We are staying in Nagarhole National Park part of the vast Nilgiri Biosphere Reserve that covers 5000 square miles across the states of Karnataka, Tamil Nadu and Kerala in southwest India. To me it is wonder of human achievement that this park exists in the second most populous country on earth. It is habitat for over 100 different mammals including the majestic Bengal Tiger, Asiatic Elephant and Leopard. It is late in the afternoon and we’re taking a water safari on Kabini Lake. It is calm, quiet and beautiful; the boatman cuts the motor often to stop and listen to the forest. Our guide, a certified parks naturalist, assures us that the animals go into the forest during the hot daytime hours but now that it’s cooler we have a chance to see some when they it come out to the lake to drink. We see hundreds of gentle, sweet-looking spotted deer, several huge gaur, wild pigs, lots of langurs (a large Old World Monkey with a very long tail) capering in the bamboo, a few elephants and a crocodile basking in the late afternoon sun. But wait a minute. Do you hear that? That is an alarm call. The monkeys are warning that danger is near. Now the forest is silent. A tiger peeks out of the bamboo, takes a few steps into the river to drink. Then her eyes meet ours. And she slinks back into the forest. It’s thrilling for me to see a tiger in her natural setting but it is even more exciting to know and understand the natural environment she thrives in so that we can work toward preserving her natural space. We return to our lodge full of awe. The sun is setting. The barista in the reading room overlooking the lake is very happy that we have been able to see a tiger. He shares his enthusiasm for conservation in Nagarhole National Park and makes us an unforgettable cappuccino to celebrate an unforgettable day.
Where have you been Nancy?
Well now, I’ve been weaving between promoting “Weaving Threads: Travels on the Silk Road” and travelling along other roads.
This time we drove back roads in a little black sports car, with the top down most of the way. It was an 8,500km loop west from Calgary to Sechelt B.C. (where we went to the Sunshine Coast Festival of the Written Arts) before heading south toward San Francisco, and then west to Yosemite, Bryce, Zion, and the North Rim of the Grand Canyon before going home, north to Alberta.
When I was writing “Weaving Threads: Travels on the Silk Road” I could refer to dozens of letters I had written our family. It was fun to read the old letters but there was also a lot I didn’t tell my parents. And my paltry beaten up journal was very boring. I wished I had been more thoughtful about what I wanted to record. It is hard to remember what it was like fifty years later and I’m learning from my “journaling” mistakes. I vowed to record my thoughts differently.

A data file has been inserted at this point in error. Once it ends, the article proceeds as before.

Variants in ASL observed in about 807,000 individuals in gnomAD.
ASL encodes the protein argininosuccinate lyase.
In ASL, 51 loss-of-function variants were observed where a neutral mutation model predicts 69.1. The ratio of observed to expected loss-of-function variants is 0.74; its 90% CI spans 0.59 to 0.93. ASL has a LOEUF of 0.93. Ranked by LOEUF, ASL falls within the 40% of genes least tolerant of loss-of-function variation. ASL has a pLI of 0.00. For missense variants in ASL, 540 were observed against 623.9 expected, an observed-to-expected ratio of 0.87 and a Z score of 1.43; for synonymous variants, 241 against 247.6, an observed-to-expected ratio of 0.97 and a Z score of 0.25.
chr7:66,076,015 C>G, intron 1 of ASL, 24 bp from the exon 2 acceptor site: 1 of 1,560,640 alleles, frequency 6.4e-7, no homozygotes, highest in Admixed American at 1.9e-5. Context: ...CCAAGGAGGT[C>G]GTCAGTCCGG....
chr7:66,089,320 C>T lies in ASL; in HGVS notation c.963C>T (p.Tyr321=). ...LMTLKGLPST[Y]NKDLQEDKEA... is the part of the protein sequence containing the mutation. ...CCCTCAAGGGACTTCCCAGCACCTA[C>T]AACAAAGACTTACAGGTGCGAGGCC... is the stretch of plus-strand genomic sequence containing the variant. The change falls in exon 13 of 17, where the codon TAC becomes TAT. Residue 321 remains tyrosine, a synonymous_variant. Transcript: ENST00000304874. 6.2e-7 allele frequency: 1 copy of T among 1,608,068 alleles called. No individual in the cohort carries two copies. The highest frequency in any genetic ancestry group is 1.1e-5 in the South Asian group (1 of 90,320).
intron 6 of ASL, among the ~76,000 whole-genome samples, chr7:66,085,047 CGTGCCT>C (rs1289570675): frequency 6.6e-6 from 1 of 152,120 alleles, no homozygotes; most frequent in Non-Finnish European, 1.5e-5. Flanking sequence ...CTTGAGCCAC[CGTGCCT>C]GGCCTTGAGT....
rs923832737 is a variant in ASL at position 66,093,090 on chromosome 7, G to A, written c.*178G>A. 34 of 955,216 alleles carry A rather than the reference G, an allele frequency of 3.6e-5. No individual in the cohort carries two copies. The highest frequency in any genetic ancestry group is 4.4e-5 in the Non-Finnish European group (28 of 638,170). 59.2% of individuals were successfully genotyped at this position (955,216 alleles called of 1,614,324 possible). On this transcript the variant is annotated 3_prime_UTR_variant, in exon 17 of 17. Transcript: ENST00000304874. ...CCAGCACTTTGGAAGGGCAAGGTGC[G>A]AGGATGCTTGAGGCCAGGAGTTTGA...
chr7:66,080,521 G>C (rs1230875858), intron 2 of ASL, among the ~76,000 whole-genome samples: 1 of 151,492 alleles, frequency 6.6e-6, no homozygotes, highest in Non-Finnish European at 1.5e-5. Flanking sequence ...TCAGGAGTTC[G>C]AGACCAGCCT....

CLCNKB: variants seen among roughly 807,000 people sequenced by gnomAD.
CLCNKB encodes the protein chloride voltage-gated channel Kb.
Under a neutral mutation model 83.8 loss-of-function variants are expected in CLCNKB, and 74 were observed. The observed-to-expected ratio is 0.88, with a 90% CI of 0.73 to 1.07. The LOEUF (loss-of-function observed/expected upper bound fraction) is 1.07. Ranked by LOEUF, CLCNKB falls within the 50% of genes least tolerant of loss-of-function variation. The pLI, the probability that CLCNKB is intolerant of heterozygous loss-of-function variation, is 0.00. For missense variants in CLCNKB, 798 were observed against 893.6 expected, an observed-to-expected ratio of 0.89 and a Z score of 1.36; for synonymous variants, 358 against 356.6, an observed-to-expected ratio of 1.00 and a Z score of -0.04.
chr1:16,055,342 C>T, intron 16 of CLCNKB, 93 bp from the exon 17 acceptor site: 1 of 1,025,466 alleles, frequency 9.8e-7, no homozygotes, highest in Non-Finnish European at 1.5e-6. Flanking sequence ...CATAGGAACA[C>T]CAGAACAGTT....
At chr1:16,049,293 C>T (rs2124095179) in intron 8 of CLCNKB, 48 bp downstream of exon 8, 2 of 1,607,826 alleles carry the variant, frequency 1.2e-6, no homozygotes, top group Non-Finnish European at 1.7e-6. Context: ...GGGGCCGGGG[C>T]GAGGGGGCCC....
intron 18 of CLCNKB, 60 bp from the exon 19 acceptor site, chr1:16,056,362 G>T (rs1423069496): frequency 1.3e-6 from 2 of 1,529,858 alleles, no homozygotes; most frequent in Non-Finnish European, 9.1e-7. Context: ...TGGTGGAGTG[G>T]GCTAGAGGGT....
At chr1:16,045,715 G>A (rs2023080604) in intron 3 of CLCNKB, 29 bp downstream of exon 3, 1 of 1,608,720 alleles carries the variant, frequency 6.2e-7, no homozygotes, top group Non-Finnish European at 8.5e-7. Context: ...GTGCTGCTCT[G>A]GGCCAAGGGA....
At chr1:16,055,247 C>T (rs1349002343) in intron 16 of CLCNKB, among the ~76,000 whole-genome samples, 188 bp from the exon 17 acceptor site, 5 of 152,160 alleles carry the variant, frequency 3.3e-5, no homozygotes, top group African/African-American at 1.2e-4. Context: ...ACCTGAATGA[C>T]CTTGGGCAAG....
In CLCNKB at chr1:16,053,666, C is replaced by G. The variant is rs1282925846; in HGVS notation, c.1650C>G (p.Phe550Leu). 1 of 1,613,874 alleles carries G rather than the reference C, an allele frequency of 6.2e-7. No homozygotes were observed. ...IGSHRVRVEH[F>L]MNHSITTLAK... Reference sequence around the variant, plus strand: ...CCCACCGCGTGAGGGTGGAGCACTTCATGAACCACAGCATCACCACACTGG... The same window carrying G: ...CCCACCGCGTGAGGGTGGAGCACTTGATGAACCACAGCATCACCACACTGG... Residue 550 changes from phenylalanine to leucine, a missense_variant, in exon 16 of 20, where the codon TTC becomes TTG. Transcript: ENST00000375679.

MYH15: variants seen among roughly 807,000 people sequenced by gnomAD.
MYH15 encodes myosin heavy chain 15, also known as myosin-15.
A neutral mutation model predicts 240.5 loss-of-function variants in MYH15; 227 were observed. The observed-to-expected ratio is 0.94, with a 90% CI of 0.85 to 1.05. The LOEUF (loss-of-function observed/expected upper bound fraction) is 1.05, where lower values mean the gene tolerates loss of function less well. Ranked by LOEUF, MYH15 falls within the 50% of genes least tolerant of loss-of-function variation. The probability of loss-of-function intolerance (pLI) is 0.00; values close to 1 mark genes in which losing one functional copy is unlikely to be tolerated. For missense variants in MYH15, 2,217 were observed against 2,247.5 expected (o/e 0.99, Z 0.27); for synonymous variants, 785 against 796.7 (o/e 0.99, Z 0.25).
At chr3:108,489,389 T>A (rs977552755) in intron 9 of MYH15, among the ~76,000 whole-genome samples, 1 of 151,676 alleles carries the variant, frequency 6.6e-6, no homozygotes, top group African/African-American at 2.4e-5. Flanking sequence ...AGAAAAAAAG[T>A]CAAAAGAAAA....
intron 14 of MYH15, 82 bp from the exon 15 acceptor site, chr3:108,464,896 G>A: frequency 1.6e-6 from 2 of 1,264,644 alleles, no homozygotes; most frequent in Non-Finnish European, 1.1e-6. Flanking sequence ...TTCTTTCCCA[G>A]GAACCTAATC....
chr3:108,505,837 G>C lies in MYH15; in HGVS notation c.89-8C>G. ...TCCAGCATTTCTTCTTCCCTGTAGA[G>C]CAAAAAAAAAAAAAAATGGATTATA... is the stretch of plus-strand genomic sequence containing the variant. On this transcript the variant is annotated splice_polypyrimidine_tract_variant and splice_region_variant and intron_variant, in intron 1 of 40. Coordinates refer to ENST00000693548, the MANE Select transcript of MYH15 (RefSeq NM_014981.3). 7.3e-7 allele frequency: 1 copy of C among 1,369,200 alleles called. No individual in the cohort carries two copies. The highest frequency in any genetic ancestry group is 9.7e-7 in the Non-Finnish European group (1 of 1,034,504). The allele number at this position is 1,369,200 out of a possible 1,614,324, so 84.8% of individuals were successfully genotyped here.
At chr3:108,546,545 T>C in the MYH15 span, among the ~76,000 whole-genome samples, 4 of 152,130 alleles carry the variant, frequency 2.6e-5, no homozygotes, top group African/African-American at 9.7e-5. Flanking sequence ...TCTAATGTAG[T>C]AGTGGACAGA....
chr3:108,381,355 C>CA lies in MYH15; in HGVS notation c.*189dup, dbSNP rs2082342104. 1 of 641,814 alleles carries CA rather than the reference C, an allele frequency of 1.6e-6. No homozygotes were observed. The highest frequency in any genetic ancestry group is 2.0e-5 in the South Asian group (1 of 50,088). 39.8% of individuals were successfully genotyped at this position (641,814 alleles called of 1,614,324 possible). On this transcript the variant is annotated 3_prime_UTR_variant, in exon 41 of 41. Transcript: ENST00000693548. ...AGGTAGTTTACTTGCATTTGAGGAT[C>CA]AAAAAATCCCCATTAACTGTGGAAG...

My journal is my heart these days. I don’t repeat my itinerary and I have thousands of photos for back up descriptions. I use Moleskine notebooks (with the fine top quality paper) that easily fit into a small handbag I carry. I have a good pen (that doesn’t leak) and, for emergency, a supply of freshly sharpened pencils. The pencils are important especially when my paper gets wet in the rain or gets soup spilled on it. I also carry a headlamp with me, to use when it’s dark.
You see I write (if you can call it that, I make notes) on the spot – in taxis (oh those stories the drivers tell,) in parks (ideal activity for initiating conversation,) in restaurants (to copy out menus and future to do’s in the kitchen.) I ask other people to write in my notebook–directions, names, and addresses, more maps. In other words I store fuel for stories–what I hear, what it tastes like, what’s that smell, what did she say–in my notebooks.
My journals aren’t pretty but I like the mess. They give me a comfy cosy feeling that inspire my travel musings and brings me back to the places we’ve been weaving around.
I’d love to read your thoughts on travel journaling. Please click on leave A Reply to comment and post.
My deepest gratitude is to the people I’ve met along the Silk Road who are the subject of this, my first book. Their generous hospitality, friendship and help, when we needed it are my inspiration.
“Weaving Threads: Travels on the Silk Road” by Nancy M. Hayes with drawings and photographs by Ross E. Hayes is now available in all major online bookstores and will be in local bookstores soon. Through rugged mountain passes, blast-furnace deserts, crumbling cities, and lush fertile valleys the reader will be captivated by the majestic landscape, the ancient cultures, and the kind hearted people. Halted by war in India and Pakistan and the Iron Curtain in 1965, we continue the Silk Road journey forty years later.
Proceeds from the sale of “Weaving Threads: Travels on the Silk Road” will be donated to Canadian Women for Women in Afghanistan to advance education for women and their families.
Enjoy the journey!